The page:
Every week Ocean Wise’s Aquablog combs international headlines to bring you the most important ocean news. This week: herring eggs reach record levels in Vancouver, a Norwegian seabird’s diet reveals unsettling changes to the ecosystem, and so much more — read on!

Changing Ecosystems

Researchers are sounding the alarm on Amazon deforestation, warning that the precious ecosystem is at the tipping point before irrevocable damage. The Amazon has gone through a beating over the last decade, experiencing mega-droughts followed by mega-floods, as well as 20% of the forest cleared for agriculture (although 3% is recovering). The Amazon basin generates approximately half its own rainfall, which suggests that at a certain point the region’s hydrological cycle will break down, unable to support any rainforest functions. While experts initially thought the forest could support up to 40% deforestation, this new study suggests that the tipping point is somewhere between 20-25%. If we want to build in a safety margin that protects the Amazon’s ecosystem, deforestation must stop today. Via Eurekalert!

The University of British Columbia reports that certain reef-damaging  fishing practices are still in common use in the Philippines. These outlawed practices include dynamite and poison, the use of crowbars to break up coral, and have likely arisen as a result of a government initiative to expand fisheries. UBC has called upon the government to enforce sustainable methods, such as hook-and-line or trap-caught fishing. Via UBC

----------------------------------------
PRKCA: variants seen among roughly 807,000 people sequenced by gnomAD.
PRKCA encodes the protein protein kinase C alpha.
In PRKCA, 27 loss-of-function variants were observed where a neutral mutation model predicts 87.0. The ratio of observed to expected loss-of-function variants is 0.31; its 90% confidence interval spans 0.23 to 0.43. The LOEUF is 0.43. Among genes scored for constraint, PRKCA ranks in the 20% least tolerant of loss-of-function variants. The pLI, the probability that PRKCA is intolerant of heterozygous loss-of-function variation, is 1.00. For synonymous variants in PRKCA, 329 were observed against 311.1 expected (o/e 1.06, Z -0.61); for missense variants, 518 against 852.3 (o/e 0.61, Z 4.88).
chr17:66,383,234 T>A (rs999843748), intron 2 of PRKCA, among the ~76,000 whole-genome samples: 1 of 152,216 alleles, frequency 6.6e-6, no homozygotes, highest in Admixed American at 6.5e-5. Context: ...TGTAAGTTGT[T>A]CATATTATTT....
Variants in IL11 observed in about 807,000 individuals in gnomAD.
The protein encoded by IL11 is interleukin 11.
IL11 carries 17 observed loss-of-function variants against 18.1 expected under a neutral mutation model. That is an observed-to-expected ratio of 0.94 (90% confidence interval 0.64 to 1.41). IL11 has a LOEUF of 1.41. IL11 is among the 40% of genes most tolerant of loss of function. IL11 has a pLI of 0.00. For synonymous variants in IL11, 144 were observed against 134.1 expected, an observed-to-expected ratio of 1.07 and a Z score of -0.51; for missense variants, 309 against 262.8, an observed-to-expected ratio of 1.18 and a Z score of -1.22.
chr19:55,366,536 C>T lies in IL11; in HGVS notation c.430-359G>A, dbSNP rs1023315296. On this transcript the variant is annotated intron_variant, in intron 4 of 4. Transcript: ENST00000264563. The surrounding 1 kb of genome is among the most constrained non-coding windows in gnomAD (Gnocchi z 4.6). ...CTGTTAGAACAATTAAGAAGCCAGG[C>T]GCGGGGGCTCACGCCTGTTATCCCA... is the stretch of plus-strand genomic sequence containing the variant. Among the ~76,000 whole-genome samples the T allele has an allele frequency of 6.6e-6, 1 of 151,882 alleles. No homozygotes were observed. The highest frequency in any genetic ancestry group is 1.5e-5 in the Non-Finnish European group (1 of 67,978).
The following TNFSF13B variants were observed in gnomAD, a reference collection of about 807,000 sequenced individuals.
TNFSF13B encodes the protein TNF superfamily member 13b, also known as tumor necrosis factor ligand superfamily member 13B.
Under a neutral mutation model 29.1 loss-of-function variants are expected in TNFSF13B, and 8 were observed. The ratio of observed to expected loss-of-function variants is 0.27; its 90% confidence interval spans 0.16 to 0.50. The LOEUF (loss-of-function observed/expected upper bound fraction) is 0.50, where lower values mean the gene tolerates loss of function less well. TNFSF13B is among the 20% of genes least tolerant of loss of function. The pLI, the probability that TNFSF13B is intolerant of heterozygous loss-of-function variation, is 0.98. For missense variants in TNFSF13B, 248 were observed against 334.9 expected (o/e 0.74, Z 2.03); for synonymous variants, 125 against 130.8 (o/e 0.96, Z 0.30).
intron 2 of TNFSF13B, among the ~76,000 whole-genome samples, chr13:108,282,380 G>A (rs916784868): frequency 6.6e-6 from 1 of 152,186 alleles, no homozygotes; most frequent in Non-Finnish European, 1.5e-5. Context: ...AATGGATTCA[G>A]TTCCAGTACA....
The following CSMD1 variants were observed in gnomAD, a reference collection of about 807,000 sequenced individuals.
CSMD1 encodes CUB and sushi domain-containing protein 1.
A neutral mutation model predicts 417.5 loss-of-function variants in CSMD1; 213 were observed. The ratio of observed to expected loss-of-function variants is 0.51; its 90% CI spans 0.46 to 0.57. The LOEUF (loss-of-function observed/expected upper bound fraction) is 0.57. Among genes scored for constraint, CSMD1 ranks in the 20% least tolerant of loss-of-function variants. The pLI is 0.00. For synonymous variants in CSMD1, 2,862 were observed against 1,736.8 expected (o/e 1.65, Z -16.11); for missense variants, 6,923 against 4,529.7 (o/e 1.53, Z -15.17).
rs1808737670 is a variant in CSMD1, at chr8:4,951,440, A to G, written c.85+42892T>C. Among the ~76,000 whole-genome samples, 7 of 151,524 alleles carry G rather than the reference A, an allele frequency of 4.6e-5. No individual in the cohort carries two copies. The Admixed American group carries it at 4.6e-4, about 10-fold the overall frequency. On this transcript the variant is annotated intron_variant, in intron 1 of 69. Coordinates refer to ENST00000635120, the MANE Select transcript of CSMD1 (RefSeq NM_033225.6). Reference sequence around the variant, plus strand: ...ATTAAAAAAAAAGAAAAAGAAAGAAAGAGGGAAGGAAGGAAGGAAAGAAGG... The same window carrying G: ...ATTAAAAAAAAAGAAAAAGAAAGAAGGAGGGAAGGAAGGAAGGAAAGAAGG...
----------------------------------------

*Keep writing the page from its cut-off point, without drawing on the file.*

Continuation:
Herring eggs cover a branch in Vancouver, after a successful spawn this year.

The year is off to a good start for herring in Vancouver, with more than one billion eggs hatched so far. This is due in part to the efforts of the Squamish Streamkeepers Society, which started wrapping pilings with artificial spawning nets six years ago. Herring eggs are greatly impacted by creosote on dock pillars as well as the loss of productive eelgrass beds in the downtown inlet of False Creek.  The spawning success is a good indicator that herring numbers could boom in the next three years, drawing in bigger predators like dolphins and killer whales to False Creek. Read the full story on the Aquablog here.

Water Supply

A study out of the University of California researchers has demonstrated why some glaciers melt faster than others. By conducting detailed topography of twenty Greenland glaciers, they revealed that deeper glaciers are exposed to warmer water from the Atlantic Ocean, which melts them from below. These new measurements, combined with ocean temperatures, may allow for more accurate predictions of sea level rise due to glacier melt. Via Eurekalert!

More than 90% of the world’s most popular bottled-water brands contained microplastics, according to a new study commissioned by Project Orb Media and conducted by researchers at State University of New York in Fredonia. One bottle of Nestle Pure Life contained 10,000 pieces per litre of water. Of the 259 bottles tested across 11 brands and purchased in countries around the world, only 17 were plastic-free. The World Health Organization has launched a review. Via The Guardian

Fish belly up after swimming in golden algae (Prymnesium parvum), responsible for millions of fish deaths every year.. Photo credit: Dr. Martin Rejzek, John Innes Centre.